MDMA (3,4-methylenedioxy-methamphetamine), better known to some individuals as ecstasy, is a synthetic drug that alters perception and mood. It is classified as a hallucinogen, although it has the combined properties of stimulant drugs and hallucinogens.
How Does It Affect Your System?
What Are The Symptoms & Risk
The number of psychostimulant-related deaths in the U.S. has increased by nearly eight times, from 563 people in 1999 to almost 4,300 deaths in 2014. There are many dangers associated with this drug. In fact, more than 22,000 people were hospitalized due to symptoms related to MDMA in 2011.
The strength of ecstasy is increasing, and the drug in 2016 was five times as strong as it might have been in 2009. New chemical components are being laced with these drugs every year, and the results can be fatal. People have no way to tell what they are taking just by looking at it and according to PillReports.net, nearly half of the MDMA pills inspected were adulterated in some capacity. In some cases, versions of the drug may contain no MDMA at all.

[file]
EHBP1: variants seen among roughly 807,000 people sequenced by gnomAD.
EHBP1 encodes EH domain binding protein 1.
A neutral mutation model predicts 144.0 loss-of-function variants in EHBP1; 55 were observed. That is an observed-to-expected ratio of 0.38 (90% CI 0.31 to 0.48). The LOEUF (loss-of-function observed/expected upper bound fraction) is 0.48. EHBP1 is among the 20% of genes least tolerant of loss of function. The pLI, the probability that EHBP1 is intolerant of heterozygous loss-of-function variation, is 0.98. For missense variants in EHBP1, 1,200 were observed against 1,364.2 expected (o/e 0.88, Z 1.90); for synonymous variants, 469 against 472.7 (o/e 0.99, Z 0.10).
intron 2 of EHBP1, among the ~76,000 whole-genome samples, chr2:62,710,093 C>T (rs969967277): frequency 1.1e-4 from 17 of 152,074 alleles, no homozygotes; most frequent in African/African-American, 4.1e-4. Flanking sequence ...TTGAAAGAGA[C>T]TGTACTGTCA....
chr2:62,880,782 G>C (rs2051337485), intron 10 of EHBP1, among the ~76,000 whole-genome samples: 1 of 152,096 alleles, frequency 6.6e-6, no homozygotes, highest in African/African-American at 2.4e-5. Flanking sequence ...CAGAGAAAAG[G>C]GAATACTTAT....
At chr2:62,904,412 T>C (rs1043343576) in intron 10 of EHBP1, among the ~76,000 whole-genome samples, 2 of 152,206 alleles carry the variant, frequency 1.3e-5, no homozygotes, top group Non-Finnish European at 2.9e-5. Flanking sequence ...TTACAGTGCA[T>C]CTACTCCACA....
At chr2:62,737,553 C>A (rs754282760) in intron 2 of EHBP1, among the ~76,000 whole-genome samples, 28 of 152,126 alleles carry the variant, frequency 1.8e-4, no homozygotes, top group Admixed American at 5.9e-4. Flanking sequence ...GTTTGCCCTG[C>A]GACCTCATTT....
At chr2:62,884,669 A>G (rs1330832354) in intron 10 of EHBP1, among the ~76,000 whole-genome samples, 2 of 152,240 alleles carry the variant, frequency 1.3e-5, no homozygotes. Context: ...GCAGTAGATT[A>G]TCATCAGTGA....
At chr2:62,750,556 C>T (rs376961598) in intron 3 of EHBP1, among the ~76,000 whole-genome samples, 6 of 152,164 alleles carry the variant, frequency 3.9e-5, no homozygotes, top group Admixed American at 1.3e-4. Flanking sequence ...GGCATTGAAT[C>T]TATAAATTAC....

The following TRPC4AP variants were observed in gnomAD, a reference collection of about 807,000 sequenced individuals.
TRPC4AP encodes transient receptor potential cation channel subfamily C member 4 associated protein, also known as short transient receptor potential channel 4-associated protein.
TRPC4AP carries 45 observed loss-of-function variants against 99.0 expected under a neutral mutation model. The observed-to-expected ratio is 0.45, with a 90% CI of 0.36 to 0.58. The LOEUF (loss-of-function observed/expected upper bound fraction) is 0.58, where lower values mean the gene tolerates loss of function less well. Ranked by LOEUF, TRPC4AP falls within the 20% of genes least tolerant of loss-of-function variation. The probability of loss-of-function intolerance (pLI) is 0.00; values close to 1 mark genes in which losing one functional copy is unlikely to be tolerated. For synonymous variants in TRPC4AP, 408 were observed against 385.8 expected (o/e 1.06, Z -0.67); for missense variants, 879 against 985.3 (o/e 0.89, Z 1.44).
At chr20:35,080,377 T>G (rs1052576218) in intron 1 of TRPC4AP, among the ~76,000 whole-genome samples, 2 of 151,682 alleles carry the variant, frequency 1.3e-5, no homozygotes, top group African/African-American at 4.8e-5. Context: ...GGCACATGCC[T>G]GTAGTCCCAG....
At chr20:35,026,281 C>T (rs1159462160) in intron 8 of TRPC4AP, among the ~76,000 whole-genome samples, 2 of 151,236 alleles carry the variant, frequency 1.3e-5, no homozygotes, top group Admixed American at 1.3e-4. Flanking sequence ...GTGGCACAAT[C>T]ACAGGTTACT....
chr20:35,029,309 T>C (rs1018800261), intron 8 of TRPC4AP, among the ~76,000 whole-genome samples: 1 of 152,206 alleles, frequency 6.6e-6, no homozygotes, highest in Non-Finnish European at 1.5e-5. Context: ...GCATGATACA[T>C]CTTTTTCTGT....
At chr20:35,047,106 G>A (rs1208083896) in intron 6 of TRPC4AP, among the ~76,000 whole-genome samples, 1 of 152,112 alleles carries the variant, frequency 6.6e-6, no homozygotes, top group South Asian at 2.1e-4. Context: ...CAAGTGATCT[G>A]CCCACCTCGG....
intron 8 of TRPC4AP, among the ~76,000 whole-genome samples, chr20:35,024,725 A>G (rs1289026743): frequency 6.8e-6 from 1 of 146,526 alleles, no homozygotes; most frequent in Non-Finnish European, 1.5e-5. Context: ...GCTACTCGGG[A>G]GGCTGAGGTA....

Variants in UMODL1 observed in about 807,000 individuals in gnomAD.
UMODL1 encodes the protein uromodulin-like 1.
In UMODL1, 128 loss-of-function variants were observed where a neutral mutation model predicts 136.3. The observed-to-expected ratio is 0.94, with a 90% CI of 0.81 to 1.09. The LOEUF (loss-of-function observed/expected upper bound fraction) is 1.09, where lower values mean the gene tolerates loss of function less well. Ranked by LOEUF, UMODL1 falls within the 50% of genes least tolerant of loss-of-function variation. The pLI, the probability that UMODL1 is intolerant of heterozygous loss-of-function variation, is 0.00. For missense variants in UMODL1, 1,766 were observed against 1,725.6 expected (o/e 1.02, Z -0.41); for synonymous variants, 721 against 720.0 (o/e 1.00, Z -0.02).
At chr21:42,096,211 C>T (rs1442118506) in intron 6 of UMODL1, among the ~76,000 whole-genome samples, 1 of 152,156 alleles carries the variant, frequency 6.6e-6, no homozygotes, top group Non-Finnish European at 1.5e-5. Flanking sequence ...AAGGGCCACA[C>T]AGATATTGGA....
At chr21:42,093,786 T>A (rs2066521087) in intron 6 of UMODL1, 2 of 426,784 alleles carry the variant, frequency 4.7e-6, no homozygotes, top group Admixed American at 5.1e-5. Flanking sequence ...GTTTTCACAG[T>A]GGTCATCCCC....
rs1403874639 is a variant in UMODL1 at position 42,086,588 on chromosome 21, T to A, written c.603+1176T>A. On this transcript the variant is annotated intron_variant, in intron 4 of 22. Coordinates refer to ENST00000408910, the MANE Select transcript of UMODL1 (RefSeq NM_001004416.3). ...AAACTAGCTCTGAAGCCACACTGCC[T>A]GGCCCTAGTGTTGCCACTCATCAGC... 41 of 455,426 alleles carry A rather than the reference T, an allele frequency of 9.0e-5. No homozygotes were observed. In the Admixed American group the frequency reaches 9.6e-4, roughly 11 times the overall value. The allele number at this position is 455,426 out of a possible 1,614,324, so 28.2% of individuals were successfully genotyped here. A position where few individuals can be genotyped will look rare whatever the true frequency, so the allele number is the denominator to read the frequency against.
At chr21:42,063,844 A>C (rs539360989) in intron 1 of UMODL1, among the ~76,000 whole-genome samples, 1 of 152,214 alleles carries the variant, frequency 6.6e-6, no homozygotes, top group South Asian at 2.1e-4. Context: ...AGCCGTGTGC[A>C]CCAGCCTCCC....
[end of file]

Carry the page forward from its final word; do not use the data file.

Pills and capsules filled with toxic substances masquerading as ecstasy can be just as dangerous, if not more so, and can lead to serious health risks like seizures, stroke, and death. Reported side effects can include anxiety, nausea, heart failure, and in some cases, death.
Detoxing Symptoms (Withdrawl)
Withdrawal symptoms from MDMA include fatigue, loss of appetite, depression, and difficulty concentrating. There is no formal timeline established for the withdrawal symptoms associated with discontinuation of MDMA.